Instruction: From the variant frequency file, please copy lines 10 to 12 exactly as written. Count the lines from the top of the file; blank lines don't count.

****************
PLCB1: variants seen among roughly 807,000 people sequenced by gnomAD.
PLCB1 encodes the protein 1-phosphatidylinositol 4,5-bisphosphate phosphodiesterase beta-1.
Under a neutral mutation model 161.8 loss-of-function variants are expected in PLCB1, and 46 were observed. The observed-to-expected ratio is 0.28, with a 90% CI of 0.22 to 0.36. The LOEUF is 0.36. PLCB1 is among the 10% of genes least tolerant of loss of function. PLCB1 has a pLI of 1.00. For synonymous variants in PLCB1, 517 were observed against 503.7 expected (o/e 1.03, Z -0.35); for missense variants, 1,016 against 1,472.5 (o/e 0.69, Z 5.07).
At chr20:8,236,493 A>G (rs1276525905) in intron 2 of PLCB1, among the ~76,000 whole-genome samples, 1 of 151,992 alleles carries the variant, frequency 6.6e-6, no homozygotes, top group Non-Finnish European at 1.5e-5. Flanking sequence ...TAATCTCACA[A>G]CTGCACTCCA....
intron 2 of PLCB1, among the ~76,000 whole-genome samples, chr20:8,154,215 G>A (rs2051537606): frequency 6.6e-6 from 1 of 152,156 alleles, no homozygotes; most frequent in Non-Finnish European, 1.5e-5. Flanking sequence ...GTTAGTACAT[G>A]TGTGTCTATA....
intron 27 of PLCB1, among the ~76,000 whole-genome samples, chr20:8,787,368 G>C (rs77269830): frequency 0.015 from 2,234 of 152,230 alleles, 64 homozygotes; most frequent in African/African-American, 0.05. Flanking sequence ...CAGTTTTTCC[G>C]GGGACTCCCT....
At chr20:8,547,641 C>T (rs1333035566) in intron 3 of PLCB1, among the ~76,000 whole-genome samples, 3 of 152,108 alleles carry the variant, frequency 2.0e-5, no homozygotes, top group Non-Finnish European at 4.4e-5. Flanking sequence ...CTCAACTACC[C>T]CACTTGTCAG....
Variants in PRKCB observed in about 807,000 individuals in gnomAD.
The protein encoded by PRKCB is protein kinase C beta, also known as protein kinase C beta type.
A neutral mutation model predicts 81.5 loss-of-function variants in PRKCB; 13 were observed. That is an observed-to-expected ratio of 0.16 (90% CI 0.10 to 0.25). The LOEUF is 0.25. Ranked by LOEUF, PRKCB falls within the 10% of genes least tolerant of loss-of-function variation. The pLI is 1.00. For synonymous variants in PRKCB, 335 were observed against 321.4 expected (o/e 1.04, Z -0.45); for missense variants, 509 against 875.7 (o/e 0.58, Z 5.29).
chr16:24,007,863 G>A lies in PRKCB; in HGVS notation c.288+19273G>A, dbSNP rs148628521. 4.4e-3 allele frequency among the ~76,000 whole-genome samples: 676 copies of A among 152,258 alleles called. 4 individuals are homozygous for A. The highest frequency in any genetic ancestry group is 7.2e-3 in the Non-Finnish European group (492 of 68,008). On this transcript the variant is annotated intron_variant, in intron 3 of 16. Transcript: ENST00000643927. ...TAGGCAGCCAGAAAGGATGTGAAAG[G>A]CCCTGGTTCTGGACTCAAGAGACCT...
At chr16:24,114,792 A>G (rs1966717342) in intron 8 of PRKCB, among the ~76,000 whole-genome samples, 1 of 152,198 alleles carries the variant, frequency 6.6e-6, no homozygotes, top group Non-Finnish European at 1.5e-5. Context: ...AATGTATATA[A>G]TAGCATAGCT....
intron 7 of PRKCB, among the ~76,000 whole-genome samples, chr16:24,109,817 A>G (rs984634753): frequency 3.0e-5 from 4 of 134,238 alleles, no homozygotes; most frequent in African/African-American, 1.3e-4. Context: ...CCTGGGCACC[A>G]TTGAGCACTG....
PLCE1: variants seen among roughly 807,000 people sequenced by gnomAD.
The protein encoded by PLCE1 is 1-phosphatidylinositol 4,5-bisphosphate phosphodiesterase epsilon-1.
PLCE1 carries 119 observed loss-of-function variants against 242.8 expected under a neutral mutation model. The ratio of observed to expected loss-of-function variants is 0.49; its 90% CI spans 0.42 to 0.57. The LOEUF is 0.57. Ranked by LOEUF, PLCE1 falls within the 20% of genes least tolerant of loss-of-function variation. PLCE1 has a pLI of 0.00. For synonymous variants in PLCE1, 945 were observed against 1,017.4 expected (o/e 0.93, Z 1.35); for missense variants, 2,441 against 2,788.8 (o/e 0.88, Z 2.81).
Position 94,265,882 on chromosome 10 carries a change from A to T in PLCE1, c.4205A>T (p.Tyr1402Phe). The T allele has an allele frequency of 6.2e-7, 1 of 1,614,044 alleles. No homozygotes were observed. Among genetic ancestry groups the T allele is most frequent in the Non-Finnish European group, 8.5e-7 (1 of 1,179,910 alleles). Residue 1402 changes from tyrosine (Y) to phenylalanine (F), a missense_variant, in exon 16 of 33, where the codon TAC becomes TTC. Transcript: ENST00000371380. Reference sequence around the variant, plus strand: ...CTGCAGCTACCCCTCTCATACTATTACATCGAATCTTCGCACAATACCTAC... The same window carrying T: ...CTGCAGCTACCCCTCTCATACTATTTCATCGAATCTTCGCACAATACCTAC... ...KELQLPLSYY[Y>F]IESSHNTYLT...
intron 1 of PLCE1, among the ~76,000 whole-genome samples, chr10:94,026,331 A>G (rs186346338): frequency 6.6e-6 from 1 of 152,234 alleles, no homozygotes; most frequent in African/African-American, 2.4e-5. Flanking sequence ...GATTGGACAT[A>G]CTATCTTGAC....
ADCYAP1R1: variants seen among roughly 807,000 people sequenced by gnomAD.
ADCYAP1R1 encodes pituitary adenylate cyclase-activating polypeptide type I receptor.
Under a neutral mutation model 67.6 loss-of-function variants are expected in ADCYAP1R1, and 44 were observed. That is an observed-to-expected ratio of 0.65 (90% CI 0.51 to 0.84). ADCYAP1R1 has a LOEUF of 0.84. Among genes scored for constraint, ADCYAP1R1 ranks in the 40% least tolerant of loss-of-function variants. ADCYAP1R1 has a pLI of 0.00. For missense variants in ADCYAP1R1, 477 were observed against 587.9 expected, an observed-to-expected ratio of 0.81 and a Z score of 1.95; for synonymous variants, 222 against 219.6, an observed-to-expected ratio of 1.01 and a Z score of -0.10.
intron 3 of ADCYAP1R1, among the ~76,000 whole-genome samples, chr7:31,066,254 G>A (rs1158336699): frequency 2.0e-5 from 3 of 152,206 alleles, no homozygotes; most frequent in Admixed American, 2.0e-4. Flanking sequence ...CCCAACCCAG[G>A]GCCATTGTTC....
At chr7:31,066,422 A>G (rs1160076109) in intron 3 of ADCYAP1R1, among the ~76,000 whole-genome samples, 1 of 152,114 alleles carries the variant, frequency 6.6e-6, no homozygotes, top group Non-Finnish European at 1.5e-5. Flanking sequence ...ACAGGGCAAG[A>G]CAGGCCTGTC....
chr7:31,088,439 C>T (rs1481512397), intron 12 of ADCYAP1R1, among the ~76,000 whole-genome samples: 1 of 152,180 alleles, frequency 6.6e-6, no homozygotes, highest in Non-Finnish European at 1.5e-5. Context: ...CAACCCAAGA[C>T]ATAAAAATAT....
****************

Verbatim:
A neutral mutation model predicts 81.5 loss-of-function variants in PRKCB; 13 were observed. That is an observed-to-expected ratio of 0.16 (90% CI 0.10 to 0.25). The LOEUF is 0.25. Ranked by LOEUF, PRKCB falls within the 10% of genes least tolerant of loss-of-function variation. The pLI is 1.00. For synonymous variants in PRKCB, 335 were observed against 321.4 expected (o/e 1.04, Z -0.45); for missense variants, 509 against 875.7 (o/e 0.58, Z 5.29).
chr16:24,007,863 G>A lies in PRKCB; in HGVS notation c.288+19273G>A, dbSNP rs148628521. 4.4e-3 allele frequency among the ~76,000 whole-genome samples: 676 copies of A among 152,258 alleles called. 4 individuals are homozygous for A. The highest frequency in any genetic ancestry group is 7.2e-3 in the Non-Finnish European group (492 of 68,008). On this transcript the variant is annotated intron_variant, in intron 3 of 16. Transcript: ENST00000643927. ...TAGGCAGCCAGAAAGGATGTGAAAG[G>A]CCCTGGTTCTGGACTCAAGAGACCT...
At chr16:24,114,792 A>G (rs1966717342) in intron 8 of PRKCB, among the ~76,000 whole-genome samples, 1 of 152,198 alleles carries the variant, frequency 6.6e-6, no homozygotes, top group Non-Finnish European at 1.5e-5. Context: ...AATGTATATA[A>G]TAGCATAGCT....